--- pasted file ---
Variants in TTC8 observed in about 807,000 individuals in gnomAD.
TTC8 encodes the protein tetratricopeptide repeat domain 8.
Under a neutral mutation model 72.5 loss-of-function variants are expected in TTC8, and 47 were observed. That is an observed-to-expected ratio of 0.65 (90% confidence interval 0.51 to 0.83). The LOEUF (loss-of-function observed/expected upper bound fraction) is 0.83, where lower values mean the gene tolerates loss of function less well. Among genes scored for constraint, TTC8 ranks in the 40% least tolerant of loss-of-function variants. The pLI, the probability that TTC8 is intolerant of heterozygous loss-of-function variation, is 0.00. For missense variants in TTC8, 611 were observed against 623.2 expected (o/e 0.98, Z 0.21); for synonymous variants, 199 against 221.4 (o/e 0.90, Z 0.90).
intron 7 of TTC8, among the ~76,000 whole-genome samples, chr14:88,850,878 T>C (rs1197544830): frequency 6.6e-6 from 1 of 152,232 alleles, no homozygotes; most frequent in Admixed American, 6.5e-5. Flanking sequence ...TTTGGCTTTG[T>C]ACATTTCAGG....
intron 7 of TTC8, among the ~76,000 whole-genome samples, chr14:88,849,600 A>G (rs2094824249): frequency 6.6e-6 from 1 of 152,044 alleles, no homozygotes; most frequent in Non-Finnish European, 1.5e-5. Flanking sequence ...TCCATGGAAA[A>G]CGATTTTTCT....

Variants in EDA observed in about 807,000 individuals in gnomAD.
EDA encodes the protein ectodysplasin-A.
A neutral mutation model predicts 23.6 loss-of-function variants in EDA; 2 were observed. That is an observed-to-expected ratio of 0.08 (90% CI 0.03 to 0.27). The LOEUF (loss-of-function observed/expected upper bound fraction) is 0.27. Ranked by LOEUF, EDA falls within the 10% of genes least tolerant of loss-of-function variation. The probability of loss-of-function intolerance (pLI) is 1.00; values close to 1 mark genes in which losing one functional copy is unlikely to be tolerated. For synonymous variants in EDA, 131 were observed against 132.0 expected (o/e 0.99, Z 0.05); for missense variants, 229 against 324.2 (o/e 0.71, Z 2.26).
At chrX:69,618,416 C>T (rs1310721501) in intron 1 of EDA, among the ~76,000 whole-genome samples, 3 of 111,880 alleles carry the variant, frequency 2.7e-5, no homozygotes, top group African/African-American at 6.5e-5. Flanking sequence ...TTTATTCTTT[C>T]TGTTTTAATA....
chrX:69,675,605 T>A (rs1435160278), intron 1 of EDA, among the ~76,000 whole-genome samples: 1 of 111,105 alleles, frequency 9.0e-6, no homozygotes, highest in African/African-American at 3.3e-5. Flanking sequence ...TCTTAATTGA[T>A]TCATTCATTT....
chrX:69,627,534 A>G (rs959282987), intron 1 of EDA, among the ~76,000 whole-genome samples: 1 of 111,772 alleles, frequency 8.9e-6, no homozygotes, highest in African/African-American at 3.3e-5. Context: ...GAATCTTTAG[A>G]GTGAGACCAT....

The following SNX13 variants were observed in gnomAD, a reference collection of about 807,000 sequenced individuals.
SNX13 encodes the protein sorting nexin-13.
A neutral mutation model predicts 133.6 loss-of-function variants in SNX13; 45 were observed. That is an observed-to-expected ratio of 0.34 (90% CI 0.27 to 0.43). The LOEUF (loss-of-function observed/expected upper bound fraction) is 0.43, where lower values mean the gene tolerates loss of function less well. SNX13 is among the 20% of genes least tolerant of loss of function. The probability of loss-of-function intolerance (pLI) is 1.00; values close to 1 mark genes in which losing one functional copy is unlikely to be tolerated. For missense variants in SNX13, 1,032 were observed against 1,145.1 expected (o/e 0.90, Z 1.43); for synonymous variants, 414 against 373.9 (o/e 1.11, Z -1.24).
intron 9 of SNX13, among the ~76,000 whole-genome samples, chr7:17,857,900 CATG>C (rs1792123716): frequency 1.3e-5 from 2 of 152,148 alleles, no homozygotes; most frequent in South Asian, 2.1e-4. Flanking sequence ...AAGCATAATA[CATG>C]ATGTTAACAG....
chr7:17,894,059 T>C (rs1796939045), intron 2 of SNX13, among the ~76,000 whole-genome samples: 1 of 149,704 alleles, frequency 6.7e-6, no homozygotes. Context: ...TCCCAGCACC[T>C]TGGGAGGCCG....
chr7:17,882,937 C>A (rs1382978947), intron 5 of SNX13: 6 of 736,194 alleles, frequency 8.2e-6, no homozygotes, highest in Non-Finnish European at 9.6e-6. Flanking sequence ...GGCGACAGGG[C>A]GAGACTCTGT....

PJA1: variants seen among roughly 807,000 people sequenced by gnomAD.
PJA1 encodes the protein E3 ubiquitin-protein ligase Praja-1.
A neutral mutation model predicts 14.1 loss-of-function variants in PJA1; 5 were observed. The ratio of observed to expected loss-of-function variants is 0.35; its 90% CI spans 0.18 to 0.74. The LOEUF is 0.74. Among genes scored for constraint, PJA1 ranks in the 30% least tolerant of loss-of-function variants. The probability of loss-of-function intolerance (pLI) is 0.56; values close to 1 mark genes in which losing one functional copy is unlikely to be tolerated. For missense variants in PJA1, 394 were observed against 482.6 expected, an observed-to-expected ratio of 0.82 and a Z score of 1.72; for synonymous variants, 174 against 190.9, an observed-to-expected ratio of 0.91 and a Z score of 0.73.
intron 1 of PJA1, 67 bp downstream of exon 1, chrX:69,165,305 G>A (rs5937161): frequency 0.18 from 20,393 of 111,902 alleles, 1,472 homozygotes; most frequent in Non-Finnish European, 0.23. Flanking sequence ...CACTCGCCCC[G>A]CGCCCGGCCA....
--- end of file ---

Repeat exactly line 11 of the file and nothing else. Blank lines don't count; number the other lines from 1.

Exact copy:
chrX:69,627,534 A>G (rs959282987), intron 1 of EDA, among the ~76,000 whole-genome samples: 1 of 111,772 alleles, frequency 8.9e-6, no homozygotes, highest in African/African-American at 3.3e-5. Context: ...GAATCTTTAG[A>G]GTGAGACCAT....